Are Proprietary Colleges Worthwhile?
Just when the heated debate over the payoff of a four-year college degree seemed to have died down, The Weekly Standard published a piece in the July 5-12 issue that is sure to reignite the flames ("Obama's Crusade Against Profits"). Andrew Ferguson, the magazine's senior editor, argued that the only genuine difference between non-profit (traditional) and for-profit (proprietary) colleges is that the latter earn a profit. He believes "nowadays that's enough to make you suspect."
Actually, there's more to the story than what Ferguson maintains. Let's start with the numbers. Despite the cost, enrollment in proprietary colleges has soared. Average tuition is about twice that of state colleges or community colleges, and approximately half that of private non-profit schools. One quarter of all adult undergraduates are enrolled in a proprietary school. If the growth continues at the present rate, 42 percent of this population will be attending by the end of the decade. This compares with seven percent of the country's overall college population enrolled in these schools.
Why would so many non-traditional students (high school dropouts, single parents, part-time workers et al.) opt for these proprietary institutions when they could attend state schools at a fraction of the cost? The answer is they provide flexibility and convenience in the form of multiple locations, rolling admissions, night and weekend classes and emphasis on online instruction. In other words, they're easier to get into and easier to graduate from than traditional colleges because the aim is to generate volume, which in turn enhances profits.
Yet it's highly doubtful in the final analysis if the degree opens more doors than a certificate from a community college would. That's a fair point because with some notable exceptions, the primary - perhaps sole - objective of these students is to land a job immediately after graduation. There's nothing at all wrong with this goal, especially in this recession. But why spend the money, time and effort to earn a degree that is of dubious value?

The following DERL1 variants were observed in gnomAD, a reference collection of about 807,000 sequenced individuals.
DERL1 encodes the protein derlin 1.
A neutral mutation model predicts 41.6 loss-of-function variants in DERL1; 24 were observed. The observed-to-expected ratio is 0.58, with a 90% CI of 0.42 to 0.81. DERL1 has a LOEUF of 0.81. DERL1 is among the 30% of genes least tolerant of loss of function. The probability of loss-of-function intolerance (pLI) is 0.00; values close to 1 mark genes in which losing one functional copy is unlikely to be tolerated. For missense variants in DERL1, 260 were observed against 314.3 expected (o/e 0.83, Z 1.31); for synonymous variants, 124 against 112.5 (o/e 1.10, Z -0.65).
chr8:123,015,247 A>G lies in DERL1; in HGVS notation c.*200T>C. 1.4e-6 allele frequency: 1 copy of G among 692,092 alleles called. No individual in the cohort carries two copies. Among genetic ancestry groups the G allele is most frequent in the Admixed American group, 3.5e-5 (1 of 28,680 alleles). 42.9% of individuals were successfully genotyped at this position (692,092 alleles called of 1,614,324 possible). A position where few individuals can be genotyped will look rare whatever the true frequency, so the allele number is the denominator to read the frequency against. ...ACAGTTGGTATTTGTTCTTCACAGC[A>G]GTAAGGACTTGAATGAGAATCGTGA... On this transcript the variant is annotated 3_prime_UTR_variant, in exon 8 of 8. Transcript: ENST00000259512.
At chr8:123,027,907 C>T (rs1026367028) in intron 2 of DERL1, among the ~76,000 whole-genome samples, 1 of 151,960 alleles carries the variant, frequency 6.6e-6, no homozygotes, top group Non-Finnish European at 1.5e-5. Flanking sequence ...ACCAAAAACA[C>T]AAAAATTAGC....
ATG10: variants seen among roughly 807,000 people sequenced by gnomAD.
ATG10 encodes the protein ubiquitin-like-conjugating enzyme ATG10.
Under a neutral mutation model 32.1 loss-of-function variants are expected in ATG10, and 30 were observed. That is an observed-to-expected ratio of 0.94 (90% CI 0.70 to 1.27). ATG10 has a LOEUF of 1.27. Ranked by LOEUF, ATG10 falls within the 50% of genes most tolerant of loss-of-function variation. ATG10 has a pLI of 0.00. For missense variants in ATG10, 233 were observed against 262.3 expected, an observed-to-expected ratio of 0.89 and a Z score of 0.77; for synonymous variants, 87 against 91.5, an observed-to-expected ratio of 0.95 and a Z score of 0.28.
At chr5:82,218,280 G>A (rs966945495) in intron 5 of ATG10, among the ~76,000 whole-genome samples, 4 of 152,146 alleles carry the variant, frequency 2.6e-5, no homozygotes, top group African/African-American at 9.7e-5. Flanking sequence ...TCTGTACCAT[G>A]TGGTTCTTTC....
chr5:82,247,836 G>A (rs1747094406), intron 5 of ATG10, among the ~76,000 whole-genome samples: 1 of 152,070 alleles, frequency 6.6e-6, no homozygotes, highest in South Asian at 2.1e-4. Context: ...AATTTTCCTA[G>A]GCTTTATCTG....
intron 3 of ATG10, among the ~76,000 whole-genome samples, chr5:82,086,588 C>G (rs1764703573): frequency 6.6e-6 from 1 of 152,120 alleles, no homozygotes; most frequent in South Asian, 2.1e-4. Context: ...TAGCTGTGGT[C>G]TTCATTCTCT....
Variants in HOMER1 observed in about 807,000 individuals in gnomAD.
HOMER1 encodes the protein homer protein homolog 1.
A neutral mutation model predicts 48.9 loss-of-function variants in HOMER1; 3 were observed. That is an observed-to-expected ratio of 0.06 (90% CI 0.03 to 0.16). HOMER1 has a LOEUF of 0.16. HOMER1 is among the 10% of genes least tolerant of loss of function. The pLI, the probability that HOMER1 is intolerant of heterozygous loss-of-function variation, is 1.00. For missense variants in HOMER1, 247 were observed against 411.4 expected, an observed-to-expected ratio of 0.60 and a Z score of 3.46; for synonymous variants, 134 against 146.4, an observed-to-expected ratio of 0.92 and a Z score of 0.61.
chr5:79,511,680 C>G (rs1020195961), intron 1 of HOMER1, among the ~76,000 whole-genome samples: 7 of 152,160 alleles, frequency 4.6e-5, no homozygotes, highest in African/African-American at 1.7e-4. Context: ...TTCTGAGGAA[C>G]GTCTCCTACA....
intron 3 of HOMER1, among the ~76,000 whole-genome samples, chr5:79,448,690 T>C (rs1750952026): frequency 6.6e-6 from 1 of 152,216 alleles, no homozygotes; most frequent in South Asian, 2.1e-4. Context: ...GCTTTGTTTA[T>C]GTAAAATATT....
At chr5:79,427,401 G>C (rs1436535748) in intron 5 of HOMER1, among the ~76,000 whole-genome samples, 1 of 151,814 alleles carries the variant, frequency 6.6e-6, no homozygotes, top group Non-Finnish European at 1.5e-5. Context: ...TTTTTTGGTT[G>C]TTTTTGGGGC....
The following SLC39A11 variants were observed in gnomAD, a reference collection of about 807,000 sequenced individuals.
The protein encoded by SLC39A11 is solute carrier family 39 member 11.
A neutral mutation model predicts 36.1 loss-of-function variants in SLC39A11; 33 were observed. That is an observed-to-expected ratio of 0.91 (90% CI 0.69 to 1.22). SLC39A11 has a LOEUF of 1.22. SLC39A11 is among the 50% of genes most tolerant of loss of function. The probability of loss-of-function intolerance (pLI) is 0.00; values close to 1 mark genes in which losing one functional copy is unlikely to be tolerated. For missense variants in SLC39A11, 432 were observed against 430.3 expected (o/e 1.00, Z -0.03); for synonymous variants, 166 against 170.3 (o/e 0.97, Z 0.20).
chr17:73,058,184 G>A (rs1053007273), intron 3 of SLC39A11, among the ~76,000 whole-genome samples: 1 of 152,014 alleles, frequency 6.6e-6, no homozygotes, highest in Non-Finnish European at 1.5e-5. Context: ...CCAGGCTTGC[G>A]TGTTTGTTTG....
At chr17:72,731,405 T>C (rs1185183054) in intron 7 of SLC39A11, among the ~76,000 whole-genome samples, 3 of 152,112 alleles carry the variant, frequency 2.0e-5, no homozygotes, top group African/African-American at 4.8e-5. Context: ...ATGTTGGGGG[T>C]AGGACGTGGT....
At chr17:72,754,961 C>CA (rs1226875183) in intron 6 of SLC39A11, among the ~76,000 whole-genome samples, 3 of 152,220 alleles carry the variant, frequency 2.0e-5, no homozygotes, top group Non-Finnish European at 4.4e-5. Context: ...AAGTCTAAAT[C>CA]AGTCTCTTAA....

Charles Murray raises this same question in Real Education (Crown Forum, 2008). He believes that far greater emphasis should be placed on vocational education in high school. The notion that college is for everyone is "educational romanticism." He's right. I've written before about the unintended consequences of counseling all students to apply to college ("Rethinking the Value of a College Degree"). If more students were directed to a vocational curriculum, they would enhance their chances of being steadily employed in the decades ahead. That's because the only jobs that will be secure will be those unable to be sent abroad electronically.
There's another factor that needs amplification. Proprietary school students are more likely to default on their student loans than traditional school students. Although proprietary schools receive 20 percent of all federal loans, their students account for 40 percent of the defaults. These students typically possess characteristics that would make them candidates for default at traditional schools as well. But at least the size of their default would not be as great if they had enrolled in state colleges or community colleges. That's no small consideration when credit is so hard to get.
All college degrees are not equal because they signify different accomplishments. With all due respect, is a bachelor's degree from an Ivy League school considered the same as a bachelor's degree from a state university? By the same token, is an on-line bachelor's degree perceived in the same way as a bachelor's degree from a bricks- and- mortar college? The question is something that students need to ponder before they commit to any form of tertiary education. The trouble is that too many students have been seduced by the allure of a sheepskin.